Purpose of review: To summarize studies of pay-for-performance programmes designed to address clinical quality of care markers in ambulatory settings at the level of the physician group or individual physician.
Recent findings: Seven randomized controlled trials and 15 nonrandomized studies were reviewed. Less than half of the randomized controlled trials showed positive results, whereas all but one of the nonrandomized studies showed positive or mixed results. Characteristics of the quality measures, incentives, providers, patients, and concurrent interventions probably influenced the results. Study methodology problems such as small sample sizes, selection bias, and inadequate control for confounders were common. Asthma quality of care markers were included in three nonrandomized studies, two of which showed positive results and one of which was negative.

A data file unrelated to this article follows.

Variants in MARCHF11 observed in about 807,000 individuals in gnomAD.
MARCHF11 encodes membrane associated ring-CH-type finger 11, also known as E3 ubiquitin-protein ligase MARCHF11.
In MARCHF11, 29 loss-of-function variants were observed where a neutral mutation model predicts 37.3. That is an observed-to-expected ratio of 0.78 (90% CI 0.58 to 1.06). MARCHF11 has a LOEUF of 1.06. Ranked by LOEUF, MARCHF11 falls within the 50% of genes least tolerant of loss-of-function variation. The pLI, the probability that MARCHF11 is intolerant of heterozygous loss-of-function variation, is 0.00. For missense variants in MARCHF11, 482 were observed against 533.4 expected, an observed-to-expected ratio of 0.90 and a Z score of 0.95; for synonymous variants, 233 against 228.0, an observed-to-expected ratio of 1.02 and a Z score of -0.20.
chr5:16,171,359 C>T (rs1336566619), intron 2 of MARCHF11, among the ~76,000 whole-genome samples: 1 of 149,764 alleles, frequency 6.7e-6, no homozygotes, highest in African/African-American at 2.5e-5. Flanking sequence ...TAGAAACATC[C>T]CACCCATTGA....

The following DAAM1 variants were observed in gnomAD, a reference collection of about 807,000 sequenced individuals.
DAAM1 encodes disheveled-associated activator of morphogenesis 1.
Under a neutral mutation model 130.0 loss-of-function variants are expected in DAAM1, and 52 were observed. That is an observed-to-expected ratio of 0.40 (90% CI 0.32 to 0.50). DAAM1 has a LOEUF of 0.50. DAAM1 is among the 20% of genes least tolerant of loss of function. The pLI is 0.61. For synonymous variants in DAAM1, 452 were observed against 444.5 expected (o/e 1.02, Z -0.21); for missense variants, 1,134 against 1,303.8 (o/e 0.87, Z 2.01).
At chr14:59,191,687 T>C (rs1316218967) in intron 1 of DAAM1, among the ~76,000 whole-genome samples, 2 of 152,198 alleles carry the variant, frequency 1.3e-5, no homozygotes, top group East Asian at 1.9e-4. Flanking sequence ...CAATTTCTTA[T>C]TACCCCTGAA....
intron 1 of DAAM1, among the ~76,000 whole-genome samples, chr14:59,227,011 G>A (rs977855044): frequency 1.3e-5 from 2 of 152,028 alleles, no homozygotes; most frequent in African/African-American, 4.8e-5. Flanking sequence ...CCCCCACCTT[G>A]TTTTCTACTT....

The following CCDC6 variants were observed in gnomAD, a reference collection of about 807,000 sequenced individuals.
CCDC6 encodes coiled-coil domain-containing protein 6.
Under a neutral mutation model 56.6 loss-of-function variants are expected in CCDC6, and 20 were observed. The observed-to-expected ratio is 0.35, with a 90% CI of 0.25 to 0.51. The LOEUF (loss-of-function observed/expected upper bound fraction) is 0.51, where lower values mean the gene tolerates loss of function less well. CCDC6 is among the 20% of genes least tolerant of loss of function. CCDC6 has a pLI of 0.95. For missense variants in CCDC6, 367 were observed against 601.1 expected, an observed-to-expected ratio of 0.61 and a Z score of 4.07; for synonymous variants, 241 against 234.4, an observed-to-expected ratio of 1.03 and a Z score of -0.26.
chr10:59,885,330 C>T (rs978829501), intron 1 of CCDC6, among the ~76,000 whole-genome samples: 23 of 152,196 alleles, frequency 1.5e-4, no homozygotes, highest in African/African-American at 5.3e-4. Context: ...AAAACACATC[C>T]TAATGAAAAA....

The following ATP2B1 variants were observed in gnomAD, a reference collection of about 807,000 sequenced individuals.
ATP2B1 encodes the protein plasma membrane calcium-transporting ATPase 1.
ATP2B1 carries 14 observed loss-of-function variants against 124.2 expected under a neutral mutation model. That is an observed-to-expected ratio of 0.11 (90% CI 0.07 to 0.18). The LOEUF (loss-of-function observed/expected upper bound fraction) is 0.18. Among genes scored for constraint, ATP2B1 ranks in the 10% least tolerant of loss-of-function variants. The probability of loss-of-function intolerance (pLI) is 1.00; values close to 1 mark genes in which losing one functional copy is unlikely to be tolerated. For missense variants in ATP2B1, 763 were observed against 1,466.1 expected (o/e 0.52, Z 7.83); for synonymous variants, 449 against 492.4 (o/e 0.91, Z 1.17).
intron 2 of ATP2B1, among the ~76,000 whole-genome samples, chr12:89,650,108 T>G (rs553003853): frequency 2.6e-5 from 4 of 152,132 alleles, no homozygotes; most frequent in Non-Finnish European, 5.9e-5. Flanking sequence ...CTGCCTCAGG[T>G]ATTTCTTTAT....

Summary: The data reviewed in this article suggest that pay-for-performance programmes can improve markers of quality, though not always. Even when studies suggest positive effects, the designs often do not permit assurance that the effects are due to the incentives as compared with other factors. More and better-designed studies are needed to determine the actual effectiveness of incentives themselves isolated from other factors, circumstances that promote effectiveness, effectiveness relative to other strategies, and cost-effectiveness.